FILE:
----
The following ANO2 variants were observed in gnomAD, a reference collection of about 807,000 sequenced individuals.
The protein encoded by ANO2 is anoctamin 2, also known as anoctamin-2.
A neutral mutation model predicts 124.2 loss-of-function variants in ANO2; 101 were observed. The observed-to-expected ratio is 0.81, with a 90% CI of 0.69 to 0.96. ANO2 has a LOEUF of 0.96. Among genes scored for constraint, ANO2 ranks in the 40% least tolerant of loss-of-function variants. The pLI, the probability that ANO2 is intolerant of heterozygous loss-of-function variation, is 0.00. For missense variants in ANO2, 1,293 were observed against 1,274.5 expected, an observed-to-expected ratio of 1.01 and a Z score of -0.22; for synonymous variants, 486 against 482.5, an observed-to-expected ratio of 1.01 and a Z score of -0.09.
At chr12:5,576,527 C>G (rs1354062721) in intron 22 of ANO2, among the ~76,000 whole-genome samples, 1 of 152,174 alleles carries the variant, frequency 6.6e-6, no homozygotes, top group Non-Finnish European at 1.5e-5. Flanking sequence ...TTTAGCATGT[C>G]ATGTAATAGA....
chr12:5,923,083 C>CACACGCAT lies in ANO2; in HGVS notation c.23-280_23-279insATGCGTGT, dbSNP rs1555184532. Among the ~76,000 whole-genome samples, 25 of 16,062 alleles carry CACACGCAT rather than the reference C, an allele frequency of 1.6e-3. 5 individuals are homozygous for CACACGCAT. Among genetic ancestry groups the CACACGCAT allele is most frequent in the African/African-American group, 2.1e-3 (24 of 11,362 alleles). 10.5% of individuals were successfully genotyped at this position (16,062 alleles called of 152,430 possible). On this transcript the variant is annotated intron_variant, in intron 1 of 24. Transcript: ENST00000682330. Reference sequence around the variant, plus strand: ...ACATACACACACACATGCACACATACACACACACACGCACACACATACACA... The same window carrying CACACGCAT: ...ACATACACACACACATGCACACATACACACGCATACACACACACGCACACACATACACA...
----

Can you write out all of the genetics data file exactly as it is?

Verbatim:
The following ANO2 variants were observed in gnomAD, a reference collection of about 807,000 sequenced individuals.
The protein encoded by ANO2 is anoctamin 2, also known as anoctamin-2.
A neutral mutation model predicts 124.2 loss-of-function variants in ANO2; 101 were observed. The observed-to-expected ratio is 0.81, with a 90% CI of 0.69 to 0.96. ANO2 has a LOEUF of 0.96. Among genes scored for constraint, ANO2 ranks in the 40% least tolerant of loss-of-function variants. The pLI, the probability that ANO2 is intolerant of heterozygous loss-of-function variation, is 0.00. For missense variants in ANO2, 1,293 were observed against 1,274.5 expected, an observed-to-expected ratio of 1.01 and a Z score of -0.22; for synonymous variants, 486 against 482.5, an observed-to-expected ratio of 1.01 and a Z score of -0.09.
At chr12:5,576,527 C>G (rs1354062721) in intron 22 of ANO2, among the ~76,000 whole-genome samples, 1 of 152,174 alleles carries the variant, frequency 6.6e-6, no homozygotes, top group Non-Finnish European at 1.5e-5. Flanking sequence ...TTTAGCATGT[C>G]ATGTAATAGA....
chr12:5,923,083 C>CACACGCAT lies in ANO2; in HGVS notation c.23-280_23-279insATGCGTGT, dbSNP rs1555184532. Among the ~76,000 whole-genome samples, 25 of 16,062 alleles carry CACACGCAT rather than the reference C, an allele frequency of 1.6e-3. 5 individuals are homozygous for CACACGCAT. Among genetic ancestry groups the CACACGCAT allele is most frequent in the African/African-American group, 2.1e-3 (24 of 11,362 alleles). 10.5% of individuals were successfully genotyped at this position (16,062 alleles called of 152,430 possible). On this transcript the variant is annotated intron_variant, in intron 1 of 24. Transcript: ENST00000682330. Reference sequence around the variant, plus strand: ...ACATACACACACACATGCACACATACACACACACACGCACACACATACACA... The same window carrying CACACGCAT: ...ACATACACACACACATGCACACATACACACGCATACACACACACGCACACACATACACA...